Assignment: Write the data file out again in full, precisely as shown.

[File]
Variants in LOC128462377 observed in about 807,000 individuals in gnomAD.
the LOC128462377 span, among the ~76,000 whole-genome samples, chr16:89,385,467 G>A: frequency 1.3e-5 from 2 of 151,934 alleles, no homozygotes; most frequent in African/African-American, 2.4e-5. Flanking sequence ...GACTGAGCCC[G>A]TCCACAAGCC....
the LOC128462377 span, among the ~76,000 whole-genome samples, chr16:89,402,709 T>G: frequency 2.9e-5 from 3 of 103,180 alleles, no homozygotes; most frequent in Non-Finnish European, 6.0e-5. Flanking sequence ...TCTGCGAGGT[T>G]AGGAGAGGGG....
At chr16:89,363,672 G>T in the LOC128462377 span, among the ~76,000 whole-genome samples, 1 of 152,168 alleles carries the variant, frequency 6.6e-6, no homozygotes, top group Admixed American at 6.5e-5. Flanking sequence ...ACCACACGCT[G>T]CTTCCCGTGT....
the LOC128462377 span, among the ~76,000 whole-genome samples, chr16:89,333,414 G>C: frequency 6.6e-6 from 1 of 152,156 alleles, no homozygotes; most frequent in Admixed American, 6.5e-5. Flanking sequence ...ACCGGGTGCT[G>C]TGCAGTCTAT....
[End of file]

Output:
Variants in LOC128462377 observed in about 807,000 individuals in gnomAD.
the LOC128462377 span, among the ~76,000 whole-genome samples, chr16:89,385,467 G>A: frequency 1.3e-5 from 2 of 151,934 alleles, no homozygotes; most frequent in African/African-American, 2.4e-5. Flanking sequence ...GACTGAGCCC[G>A]TCCACAAGCC....
the LOC128462377 span, among the ~76,000 whole-genome samples, chr16:89,402,709 T>G: frequency 2.9e-5 from 3 of 103,180 alleles, no homozygotes; most frequent in Non-Finnish European, 6.0e-5. Flanking sequence ...TCTGCGAGGT[T>G]AGGAGAGGGG....
At chr16:89,363,672 G>T in the LOC128462377 span, among the ~76,000 whole-genome samples, 1 of 152,168 alleles carries the variant, frequency 6.6e-6, no homozygotes, top group Admixed American at 6.5e-5. Flanking sequence ...ACCACACGCT[G>T]CTTCCCGTGT....
the LOC128462377 span, among the ~76,000 whole-genome samples, chr16:89,333,414 G>C: frequency 6.6e-6 from 1 of 152,156 alleles, no homozygotes; most frequent in Admixed American, 6.5e-5. Flanking sequence ...ACCGGGTGCT[G>C]TGCAGTCTAT....